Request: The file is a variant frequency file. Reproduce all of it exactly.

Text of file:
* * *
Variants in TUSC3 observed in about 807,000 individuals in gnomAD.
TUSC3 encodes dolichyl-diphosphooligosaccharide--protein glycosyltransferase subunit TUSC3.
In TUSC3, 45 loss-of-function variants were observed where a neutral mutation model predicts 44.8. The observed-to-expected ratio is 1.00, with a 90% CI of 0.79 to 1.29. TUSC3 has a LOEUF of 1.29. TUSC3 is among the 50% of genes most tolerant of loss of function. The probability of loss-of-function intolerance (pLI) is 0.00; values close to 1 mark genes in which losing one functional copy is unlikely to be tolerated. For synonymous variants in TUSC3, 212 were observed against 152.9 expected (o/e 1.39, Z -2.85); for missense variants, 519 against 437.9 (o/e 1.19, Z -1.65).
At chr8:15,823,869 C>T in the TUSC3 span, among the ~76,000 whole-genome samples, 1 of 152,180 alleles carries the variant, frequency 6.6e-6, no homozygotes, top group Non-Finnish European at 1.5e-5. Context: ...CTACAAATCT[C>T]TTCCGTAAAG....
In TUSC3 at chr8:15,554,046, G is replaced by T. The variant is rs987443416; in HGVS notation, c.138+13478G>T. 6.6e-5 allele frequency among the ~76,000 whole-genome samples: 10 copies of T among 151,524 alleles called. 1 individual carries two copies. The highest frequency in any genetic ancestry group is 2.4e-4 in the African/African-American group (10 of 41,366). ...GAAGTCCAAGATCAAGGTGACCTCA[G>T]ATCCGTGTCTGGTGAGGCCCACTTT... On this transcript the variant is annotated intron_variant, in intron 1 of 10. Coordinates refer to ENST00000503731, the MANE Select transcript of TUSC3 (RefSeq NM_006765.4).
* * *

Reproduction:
Variants in TUSC3 observed in about 807,000 individuals in gnomAD.
TUSC3 encodes dolichyl-diphosphooligosaccharide--protein glycosyltransferase subunit TUSC3.
In TUSC3, 45 loss-of-function variants were observed where a neutral mutation model predicts 44.8. The observed-to-expected ratio is 1.00, with a 90% CI of 0.79 to 1.29. TUSC3 has a LOEUF of 1.29. TUSC3 is among the 50% of genes most tolerant of loss of function. The probability of loss-of-function intolerance (pLI) is 0.00; values close to 1 mark genes in which losing one functional copy is unlikely to be tolerated. For synonymous variants in TUSC3, 212 were observed against 152.9 expected (o/e 1.39, Z -2.85); for missense variants, 519 against 437.9 (o/e 1.19, Z -1.65).
At chr8:15,823,869 C>T in the TUSC3 span, among the ~76,000 whole-genome samples, 1 of 152,180 alleles carries the variant, frequency 6.6e-6, no homozygotes, top group Non-Finnish European at 1.5e-5. Context: ...CTACAAATCT[C>T]TTCCGTAAAG....
In TUSC3 at chr8:15,554,046, G is replaced by T. The variant is rs987443416; in HGVS notation, c.138+13478G>T. 6.6e-5 allele frequency among the ~76,000 whole-genome samples: 10 copies of T among 151,524 alleles called. 1 individual carries two copies. The highest frequency in any genetic ancestry group is 2.4e-4 in the African/African-American group (10 of 41,366). ...GAAGTCCAAGATCAAGGTGACCTCA[G>T]ATCCGTGTCTGGTGAGGCCCACTTT... On this transcript the variant is annotated intron_variant, in intron 1 of 10. Coordinates refer to ENST00000503731, the MANE Select transcript of TUSC3 (RefSeq NM_006765.4).